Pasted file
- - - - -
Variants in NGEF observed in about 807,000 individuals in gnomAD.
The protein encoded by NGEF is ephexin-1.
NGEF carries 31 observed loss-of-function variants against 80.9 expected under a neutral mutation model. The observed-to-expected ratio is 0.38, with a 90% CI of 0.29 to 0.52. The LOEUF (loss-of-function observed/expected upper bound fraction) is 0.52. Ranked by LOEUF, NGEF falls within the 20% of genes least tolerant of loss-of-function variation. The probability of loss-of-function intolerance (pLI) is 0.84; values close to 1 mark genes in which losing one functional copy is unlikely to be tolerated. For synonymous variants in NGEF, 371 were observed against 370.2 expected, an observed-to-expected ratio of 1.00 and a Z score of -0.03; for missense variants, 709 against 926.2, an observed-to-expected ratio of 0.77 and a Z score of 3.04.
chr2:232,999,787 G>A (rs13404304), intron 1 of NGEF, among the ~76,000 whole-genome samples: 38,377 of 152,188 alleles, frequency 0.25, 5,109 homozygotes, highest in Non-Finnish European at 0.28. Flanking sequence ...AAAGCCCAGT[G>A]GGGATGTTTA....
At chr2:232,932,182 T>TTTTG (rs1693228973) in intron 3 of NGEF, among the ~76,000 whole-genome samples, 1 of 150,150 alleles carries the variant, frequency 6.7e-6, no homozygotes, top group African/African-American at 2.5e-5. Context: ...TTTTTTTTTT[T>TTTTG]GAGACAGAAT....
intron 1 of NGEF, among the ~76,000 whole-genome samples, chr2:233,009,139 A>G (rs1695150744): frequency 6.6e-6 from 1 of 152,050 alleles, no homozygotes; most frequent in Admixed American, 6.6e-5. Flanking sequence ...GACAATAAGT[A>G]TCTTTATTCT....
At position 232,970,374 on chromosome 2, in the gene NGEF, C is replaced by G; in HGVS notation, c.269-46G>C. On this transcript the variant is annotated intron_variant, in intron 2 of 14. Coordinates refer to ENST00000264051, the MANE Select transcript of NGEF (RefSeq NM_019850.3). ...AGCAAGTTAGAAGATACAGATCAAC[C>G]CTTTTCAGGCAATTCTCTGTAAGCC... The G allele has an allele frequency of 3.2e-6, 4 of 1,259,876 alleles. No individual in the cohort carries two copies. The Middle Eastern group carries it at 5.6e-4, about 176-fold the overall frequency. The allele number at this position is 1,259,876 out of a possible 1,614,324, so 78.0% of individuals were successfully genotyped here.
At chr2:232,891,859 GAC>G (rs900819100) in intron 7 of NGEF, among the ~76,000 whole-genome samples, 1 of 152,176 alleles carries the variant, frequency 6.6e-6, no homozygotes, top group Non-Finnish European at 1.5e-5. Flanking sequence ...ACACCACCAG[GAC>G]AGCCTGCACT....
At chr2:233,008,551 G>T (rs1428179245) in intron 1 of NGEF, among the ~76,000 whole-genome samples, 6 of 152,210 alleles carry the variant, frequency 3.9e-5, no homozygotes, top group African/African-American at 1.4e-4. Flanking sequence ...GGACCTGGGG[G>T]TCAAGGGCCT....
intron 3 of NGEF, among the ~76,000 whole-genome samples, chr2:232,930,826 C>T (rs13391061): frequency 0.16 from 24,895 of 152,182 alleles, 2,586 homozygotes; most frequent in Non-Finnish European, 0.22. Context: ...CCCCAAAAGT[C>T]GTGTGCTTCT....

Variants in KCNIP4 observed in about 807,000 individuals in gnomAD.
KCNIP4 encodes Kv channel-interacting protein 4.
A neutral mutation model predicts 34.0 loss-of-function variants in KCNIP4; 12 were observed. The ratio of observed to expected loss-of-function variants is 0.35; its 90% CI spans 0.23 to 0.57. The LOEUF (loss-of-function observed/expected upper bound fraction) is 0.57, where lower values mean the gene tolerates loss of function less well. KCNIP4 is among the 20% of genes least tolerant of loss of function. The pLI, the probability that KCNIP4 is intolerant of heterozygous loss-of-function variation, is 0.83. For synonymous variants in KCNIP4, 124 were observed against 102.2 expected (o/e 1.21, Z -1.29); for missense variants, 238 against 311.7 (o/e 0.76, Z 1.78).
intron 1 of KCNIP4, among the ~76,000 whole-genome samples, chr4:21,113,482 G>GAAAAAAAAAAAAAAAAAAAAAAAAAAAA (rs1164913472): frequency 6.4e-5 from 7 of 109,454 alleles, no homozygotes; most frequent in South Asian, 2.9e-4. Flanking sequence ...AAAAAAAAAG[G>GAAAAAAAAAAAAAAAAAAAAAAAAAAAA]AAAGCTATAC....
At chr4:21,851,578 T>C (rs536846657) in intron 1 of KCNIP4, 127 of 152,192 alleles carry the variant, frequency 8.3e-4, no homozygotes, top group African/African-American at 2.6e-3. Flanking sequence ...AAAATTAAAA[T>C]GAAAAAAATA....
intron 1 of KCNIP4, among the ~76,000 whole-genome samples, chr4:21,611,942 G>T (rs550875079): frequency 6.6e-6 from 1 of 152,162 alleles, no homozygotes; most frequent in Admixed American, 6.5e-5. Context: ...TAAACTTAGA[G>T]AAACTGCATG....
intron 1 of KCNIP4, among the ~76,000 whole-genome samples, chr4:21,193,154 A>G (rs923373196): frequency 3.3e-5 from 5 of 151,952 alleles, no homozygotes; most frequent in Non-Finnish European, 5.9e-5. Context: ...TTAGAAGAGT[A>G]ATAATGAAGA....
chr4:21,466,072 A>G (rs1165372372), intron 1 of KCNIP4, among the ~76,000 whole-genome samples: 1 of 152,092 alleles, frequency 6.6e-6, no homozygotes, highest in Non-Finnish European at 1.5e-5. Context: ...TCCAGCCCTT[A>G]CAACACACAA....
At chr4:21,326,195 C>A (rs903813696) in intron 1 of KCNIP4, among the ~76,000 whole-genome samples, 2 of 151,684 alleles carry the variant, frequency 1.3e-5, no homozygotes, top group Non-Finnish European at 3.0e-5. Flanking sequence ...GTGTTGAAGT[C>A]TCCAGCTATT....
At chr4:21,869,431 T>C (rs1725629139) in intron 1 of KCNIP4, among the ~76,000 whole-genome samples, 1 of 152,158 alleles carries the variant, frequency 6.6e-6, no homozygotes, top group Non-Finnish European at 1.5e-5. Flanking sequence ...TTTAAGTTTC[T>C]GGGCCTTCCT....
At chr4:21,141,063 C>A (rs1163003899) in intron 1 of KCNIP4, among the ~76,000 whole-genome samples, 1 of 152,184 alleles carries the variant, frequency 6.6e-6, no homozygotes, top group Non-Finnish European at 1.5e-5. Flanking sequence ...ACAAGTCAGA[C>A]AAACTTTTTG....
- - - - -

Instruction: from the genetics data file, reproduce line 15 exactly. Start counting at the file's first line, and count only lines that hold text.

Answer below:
At chr4:21,851,578 T>C (rs536846657) in intron 1 of KCNIP4, 127 of 152,192 alleles carry the variant, frequency 8.3e-4, no homozygotes, top group African/African-American at 2.6e-3. Flanking sequence ...AAAATTAAAA[T>C]GAAAAAAATA....